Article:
Adam Broomberg and Oliver Chanarin, a U.K.-based artist duo whose work has been the subject of solo exhibitions at The Photographers’ Gallery and the National Portrait Gallery in London, among other prominent international institutions. They are the recipients of the Vic Odden Award from the Royal Photographic Society, and are trustees of the Photographers’ Gallery and Photoworks.
Charlotte Cotton, who has held the positions of curator and department head of photography at the Los Angeles County Museum of Art, curator of photographs at London’s Victoria and Albert Museum, and head of programming at The Photographers’ Gallery in London. She is the author and editor of several books, including Then Things Went Quiet (2003), Guy Bourdin (2003) and The Photograph as Contemporary Art (2004).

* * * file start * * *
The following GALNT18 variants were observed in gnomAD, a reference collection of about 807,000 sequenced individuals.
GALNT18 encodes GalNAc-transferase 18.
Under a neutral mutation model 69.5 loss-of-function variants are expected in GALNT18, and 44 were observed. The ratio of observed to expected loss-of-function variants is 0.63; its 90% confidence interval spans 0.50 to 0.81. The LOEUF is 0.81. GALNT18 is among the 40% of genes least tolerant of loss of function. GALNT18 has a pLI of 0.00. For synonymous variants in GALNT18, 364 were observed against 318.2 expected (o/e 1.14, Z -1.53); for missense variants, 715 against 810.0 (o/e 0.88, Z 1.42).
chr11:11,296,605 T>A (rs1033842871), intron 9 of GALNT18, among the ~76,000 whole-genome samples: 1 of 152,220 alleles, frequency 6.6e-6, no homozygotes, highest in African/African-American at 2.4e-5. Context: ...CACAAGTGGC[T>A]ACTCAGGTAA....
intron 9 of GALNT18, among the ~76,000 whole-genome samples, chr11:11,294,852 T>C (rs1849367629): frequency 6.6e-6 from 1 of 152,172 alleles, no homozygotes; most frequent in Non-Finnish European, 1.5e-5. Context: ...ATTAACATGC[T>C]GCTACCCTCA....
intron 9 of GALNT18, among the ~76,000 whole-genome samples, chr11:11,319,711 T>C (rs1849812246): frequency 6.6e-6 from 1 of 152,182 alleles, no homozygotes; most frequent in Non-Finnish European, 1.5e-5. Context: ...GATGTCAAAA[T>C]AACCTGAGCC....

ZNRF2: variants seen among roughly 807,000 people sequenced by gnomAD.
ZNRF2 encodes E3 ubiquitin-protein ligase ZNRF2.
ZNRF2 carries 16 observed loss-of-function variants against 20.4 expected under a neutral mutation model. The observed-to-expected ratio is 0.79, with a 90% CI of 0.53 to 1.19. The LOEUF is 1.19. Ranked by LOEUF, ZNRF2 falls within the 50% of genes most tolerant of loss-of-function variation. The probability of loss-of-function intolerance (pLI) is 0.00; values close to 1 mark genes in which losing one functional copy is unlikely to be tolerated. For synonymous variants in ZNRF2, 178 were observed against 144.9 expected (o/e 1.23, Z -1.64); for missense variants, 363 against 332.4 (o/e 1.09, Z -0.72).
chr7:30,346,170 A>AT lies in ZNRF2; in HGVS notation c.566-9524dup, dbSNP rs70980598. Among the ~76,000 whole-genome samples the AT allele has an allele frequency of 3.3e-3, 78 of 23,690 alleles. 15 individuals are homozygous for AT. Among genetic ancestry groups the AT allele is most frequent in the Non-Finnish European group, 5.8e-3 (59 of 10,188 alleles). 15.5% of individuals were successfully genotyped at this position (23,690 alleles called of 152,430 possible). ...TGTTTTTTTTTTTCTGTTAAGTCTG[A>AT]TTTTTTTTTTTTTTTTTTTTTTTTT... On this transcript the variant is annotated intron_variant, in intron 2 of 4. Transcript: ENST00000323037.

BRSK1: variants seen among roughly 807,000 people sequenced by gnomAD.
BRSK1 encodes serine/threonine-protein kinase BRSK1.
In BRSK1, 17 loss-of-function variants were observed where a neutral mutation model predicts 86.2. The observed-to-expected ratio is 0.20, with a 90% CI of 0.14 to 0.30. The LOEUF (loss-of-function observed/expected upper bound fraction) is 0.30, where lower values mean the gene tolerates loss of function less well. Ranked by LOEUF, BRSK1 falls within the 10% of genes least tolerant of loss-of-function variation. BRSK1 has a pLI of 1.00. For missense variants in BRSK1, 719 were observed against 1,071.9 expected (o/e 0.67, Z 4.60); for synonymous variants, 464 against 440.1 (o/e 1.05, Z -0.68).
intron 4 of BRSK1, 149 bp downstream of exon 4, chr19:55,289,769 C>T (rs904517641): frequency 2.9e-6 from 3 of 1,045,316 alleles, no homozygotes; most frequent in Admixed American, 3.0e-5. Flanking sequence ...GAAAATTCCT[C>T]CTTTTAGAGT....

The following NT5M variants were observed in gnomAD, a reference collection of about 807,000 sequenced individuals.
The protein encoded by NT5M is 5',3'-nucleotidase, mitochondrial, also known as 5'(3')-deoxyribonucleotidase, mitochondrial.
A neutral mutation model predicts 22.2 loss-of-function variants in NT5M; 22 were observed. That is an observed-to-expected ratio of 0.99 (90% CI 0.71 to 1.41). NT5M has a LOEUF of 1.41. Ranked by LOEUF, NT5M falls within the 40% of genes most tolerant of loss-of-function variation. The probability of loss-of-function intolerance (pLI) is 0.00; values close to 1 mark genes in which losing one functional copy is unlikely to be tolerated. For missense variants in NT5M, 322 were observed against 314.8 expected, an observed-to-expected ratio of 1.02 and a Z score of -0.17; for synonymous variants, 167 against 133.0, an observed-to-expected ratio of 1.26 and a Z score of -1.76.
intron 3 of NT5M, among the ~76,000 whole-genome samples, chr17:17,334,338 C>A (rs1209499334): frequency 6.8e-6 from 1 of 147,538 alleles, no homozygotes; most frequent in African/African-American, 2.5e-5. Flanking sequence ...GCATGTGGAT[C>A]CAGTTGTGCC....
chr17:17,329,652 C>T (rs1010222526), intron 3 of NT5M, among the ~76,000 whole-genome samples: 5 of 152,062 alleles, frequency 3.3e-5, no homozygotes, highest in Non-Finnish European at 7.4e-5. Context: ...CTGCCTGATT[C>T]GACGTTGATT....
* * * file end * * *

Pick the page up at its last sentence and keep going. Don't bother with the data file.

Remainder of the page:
“The AGO strives to create opportunities for the public to engage with art in meaningful ways. The Grange Prize gives our visitors, members and the international public a chance to participate in a dialogue about contemporary photography, and have a stake in the process,” said Matthew Teitelbaum, the AGO’s Director, and CEO. “The U.K. is well-known for its renowned photographers and holds a reputation as a global centre for contemporary art, and we’re pleased to partner with Aeroplan for a fifth year to foster this essential cultural exchange and showcase the work of four fine artists.”